He was just another guy at the office. Yet there was this inexplicable warmth in his presence. One that left you striving for another moment of smile. The other day he had come to my office…they way he shivered! Maybe he didn’t get a single word of the praises I put to him on the reports or maybe the fellow was illogically shy. Anyway, he had come today for me.

Hina got up from the couch and moved to the basin. She looked at her messed up hair in the mirror and then produced a gun from a hiding.

Smiling for a last time, she raised the gun to her head and whispered, “Pawan.”
A shadow crept up behind her and hit her hard on the head.



Mounav screamed in rage as his men failed to find the girl in the apartment.

She had been here. He had seen her shadow on the curtains while coming. He moved towards the window and felt the cold winter chill on his face. Hina. Why can’t the stupid girl see that she has no other option than being his? Wasn’t his very name enough to bring shivers into the cowardly idiots of the city? No guy would dare talk to her let alone stand between her and him.

He took a sideways glance at the room. Her belongings were lying on the floor, his men had turned the entire apartment upside down is her search. Her green top was there – the one she had wore the day he had first met her. She had always liked green – it was the colour of nature. He sighed, a mixture of anger and longing for her body.

A car screeched to a halt in the street below. He looked down and instinctively moved towards the basin. He knew she hid a gun there. He had given it to her for protection when she was with him. Instead he found a piece of paper.

Someone was carrying a limp form into a car. His instinct told him it was her.



He had managed to give them a slip. Madhav knew he was the best in the world at these stuff. It was often that his friends called upon him for such works – kidnapping, hit and run, chasing down enemies, the list went on. The city was his empire and the car his limb. They said Madhav could get a car through where you couldn’t get your imagination. And he did.

Madhav dropped his friend and the girl they had kidnapped at the friend’s place and went off to lower the heat on the car after the task was done. There would be a jovial chat on any other day but he had no doubt that this was going to be a fun night for his friend and didn’t want to interrupt it.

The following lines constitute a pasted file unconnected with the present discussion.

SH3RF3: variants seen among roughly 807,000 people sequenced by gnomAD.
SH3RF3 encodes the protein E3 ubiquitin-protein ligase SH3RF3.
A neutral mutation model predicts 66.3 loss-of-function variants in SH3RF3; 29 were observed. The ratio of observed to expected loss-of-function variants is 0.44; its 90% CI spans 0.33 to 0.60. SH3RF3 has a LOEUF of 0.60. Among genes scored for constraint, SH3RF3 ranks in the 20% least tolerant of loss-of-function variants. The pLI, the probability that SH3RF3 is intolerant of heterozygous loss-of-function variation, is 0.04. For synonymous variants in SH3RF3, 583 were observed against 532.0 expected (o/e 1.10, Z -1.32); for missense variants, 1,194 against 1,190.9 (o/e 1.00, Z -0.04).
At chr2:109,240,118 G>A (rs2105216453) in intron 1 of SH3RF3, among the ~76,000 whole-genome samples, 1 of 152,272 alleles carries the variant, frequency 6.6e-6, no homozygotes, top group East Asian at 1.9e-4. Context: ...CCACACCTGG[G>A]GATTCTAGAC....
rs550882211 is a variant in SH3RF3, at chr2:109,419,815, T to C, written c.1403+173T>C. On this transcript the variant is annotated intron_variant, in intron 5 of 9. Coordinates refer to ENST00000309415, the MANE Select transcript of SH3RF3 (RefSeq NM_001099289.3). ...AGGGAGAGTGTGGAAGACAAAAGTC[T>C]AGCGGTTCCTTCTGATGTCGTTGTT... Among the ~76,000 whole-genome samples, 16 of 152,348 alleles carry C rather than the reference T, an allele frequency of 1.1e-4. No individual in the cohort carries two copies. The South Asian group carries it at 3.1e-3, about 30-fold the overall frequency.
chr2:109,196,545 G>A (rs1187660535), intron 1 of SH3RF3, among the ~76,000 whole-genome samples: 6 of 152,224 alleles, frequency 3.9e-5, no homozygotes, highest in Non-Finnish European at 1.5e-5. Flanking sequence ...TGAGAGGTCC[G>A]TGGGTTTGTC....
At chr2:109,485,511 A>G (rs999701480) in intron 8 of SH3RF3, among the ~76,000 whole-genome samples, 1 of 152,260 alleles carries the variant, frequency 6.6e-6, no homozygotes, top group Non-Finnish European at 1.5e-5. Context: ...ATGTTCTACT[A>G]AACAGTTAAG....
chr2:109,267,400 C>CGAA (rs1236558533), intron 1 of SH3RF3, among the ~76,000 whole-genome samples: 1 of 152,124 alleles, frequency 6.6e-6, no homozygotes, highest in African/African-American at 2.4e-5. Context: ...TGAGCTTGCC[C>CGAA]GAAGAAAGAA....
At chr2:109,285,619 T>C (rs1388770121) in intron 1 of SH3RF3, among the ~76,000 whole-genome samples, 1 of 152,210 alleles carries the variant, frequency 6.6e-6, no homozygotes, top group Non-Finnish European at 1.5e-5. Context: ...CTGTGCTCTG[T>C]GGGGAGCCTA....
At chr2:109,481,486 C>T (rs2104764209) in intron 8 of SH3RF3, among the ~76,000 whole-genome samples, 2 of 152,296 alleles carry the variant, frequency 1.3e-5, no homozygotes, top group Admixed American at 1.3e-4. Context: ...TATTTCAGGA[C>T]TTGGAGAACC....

It came to him as a surprise when Pawan called. He wasn’t the type to call him for ‘work’. It took an entire minute to digest that he wanted a kidnap to take place. The urgency in his tone forced him to stall all his other tasks and rush to the given address at once.

It had been an easy task overall except where he was supposed to lose Mounav – the guy he worked for.



She had woken up beside me and after a brief spell of being dazed, she had cried. I would have stayed mum and watched if she hadn’t thrown herself around me.

She had kissed me then and had laughed idiotically through sobs when I froze and gaped at her.

Now she lay in my arms deep in slumber. Her head pained and she had taken a sleeping pill. I stared blankly at the ceiling recounting the never could have imagined incidents of the day.

The door slammed open.

Men filled in the room around me as I tried to grasp what was happening.

Mounav came forward grinning viciously. “Hello, Pawan.”

“Hi,” I responded calmly.

“You know that’s my property you’re treading upon. I can have you killed for that. But oh! Maybe you don’t even know what you did. Yes, it is all her fault. What didn’t I try? Pleaded, threatened, beat her like an animal and yet she lured you. Not your fault, no way!” He came upto the bed.

“How did I know your name? Here,” he threw a piece of paper at me. “But now dear Pawan, you must pay! Why? Because any one who assits a crime is a criminal himself!” he turned to his men. “Teach him.”


The men stood petrified as Mounav fell. Hina screamed. The men fled a moment later. I placed the gun back under my pillow and read the paper – ‘A gun for a friend you gave me. I found Pawan.’


‘There are times when you simply are at the wrong place doing the wrong thing at the wrong time with the wrong people. And still the best happens.’